Can Machine Learning Turn Big Data into No Big Deal?


Is machine learning (ML) or artificial intelligence (AI) the key? Companies have worked on many ways to offer plug-and-play sensor packages to collect information, with multiple options to send it where ever it needs to go. To reap the benefits of a higher-performing data network such as IIoT, ML, or Big Data, an interdisciplinary communication network is essential. "OT professionals are focused on keeping manufacturing, plant, and physical equipment in operation for extended periods of time, while IT professionals focus on keeping data flowing and accessible to all facets of an organization," says Dariol.

Report 84 39 W Stanford KSL 4111111 111 stlentlfic

Classics (Collection 2)

Reprinted, with permission, from the Proceedings of the IEEE Workshop on Principles of Knowledge-Based Systems, December 1984. John McC3rmott and Allen Newell are at the Carnegie-Mellon University Computer Science Department. Most of this work was done while Paul Rosenbloom and John Laird were also at CMU CSD. Paul Rosenbloom is now at the Stanford University Departments of Computer Science and Psychology. John Laird is now at the Xerox Palo Alto Research Center.

Report 79-18.pdf

Classics (Collection 2)

INTRODUCTION Since the early 1970's, researchers on computei-- based medical reasoning have begun to recognize the potential benefits of applying symbolic reasoning techniques in clinical domains This report discusses the strengths of this form of knowledge representation and shows how production rules can be applied in two somewhat different clinical applications. We begin by presenting the reasons that symbolic processing has been utilized for medical decision making. A brief discussion of the MYCIN program and a more detailed discussion of the VM program are included to demonstrate the use of the symbolic processing techniques. The design criteria for the two programs are compared. Differences in design criteria, plus experience with the MYCIN program, led to the extensions to the methodology described in the final section. 2 THE RATIONALE FOR USING SYMBOLIC PROCESSING TECHNIQUES There is increasing evidence that computer-based diagnosis and therapy programs will be accepted - Several sets of design requirements have been suggested [4, 5].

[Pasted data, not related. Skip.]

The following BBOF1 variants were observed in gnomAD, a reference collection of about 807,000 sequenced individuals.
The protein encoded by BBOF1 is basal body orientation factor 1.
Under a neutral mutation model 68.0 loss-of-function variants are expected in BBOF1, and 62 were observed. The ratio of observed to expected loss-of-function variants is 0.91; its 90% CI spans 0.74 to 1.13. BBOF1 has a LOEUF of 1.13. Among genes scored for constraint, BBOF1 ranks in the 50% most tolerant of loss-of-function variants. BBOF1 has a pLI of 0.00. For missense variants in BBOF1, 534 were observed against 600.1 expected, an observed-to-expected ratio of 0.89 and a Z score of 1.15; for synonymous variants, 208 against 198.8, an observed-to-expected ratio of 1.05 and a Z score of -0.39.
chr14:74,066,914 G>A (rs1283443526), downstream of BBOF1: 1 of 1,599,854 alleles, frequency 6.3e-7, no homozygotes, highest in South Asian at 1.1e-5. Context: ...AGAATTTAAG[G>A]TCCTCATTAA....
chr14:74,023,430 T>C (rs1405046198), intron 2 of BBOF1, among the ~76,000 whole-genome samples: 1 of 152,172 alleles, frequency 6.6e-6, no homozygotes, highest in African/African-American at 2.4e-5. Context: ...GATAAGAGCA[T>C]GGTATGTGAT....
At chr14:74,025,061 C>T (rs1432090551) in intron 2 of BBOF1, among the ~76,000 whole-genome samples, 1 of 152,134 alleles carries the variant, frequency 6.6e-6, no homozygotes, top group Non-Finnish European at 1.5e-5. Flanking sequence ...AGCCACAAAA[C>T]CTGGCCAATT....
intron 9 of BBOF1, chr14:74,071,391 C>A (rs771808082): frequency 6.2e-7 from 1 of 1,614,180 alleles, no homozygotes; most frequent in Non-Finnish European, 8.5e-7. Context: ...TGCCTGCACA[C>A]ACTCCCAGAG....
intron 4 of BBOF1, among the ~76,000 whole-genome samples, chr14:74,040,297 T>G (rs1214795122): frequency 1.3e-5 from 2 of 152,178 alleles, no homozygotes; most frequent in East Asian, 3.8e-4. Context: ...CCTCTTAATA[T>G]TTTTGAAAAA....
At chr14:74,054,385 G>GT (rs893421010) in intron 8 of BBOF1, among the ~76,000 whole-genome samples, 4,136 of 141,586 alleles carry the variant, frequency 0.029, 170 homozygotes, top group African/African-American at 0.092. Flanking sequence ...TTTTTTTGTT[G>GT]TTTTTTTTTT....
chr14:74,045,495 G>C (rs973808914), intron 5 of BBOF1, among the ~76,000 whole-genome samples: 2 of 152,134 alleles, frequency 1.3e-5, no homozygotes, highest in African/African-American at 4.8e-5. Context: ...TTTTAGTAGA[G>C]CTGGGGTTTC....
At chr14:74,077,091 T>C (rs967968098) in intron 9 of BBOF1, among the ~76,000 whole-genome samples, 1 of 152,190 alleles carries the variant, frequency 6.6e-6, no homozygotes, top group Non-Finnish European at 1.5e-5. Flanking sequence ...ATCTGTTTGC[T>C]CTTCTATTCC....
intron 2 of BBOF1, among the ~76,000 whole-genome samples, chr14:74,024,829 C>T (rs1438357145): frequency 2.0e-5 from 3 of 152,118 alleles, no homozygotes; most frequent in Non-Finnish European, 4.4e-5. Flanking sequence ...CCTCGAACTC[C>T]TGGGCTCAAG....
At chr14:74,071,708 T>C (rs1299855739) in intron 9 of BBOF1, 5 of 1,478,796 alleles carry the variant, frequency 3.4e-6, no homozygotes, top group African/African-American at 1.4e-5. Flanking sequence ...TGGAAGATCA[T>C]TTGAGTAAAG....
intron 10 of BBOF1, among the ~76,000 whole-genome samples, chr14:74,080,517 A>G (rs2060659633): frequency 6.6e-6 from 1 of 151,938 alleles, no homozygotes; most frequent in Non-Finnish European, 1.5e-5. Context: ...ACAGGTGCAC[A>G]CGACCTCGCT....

dik Stanford KSL

Classics (Collection 2)

Although the system's emphasis is on the selection of appropriate therapy for critically ill patients, it also necessarily assists with certain aspects of infectious disease diagnosis. This paper provides a brief overview of the program, describing in particular its scheme for the representation of clinical knowledge and the ways in which this representation facilitates both the generation of advice and the explanation of decisicns. The encoding of knowledge in production rules, which are analyzed for advice generation by a goal-oriented rule interpreter, also permits a!limple but powerful approach to natural language understanding. Despite its limitations, this approach provides an effective explanation capability without addressing many of the complex problems encountered in computational linguistics. The flow of information betveen a user and the MYCIN system is compared to that which occurs when'a physician seeks the advice of a humen infectioe:; di:;ease conrultant. 1. INTRODUCTION As medical knowledge has expanded in recent decades, it has become evident that the individual practitioner can no longer hope to acquire enough expertise to manage adequately the full range of clinical problems that will be encountered in his practice.


Classics (Collection 2)

R l is a program that configures VAX -11/780 computersystems. Given a customer's order, it determines R1 is implemented as a production system. Consequently, little search is required in order for it (a configure a computer system. R1' is a rulc-based system that has much in common with other domain-specific "The development of R1 was supported by Digital Equipment Corporation. ARPA Or er No. 3597, and monitored by MASSBUS are tradmarks of Digital Equipment Corporation.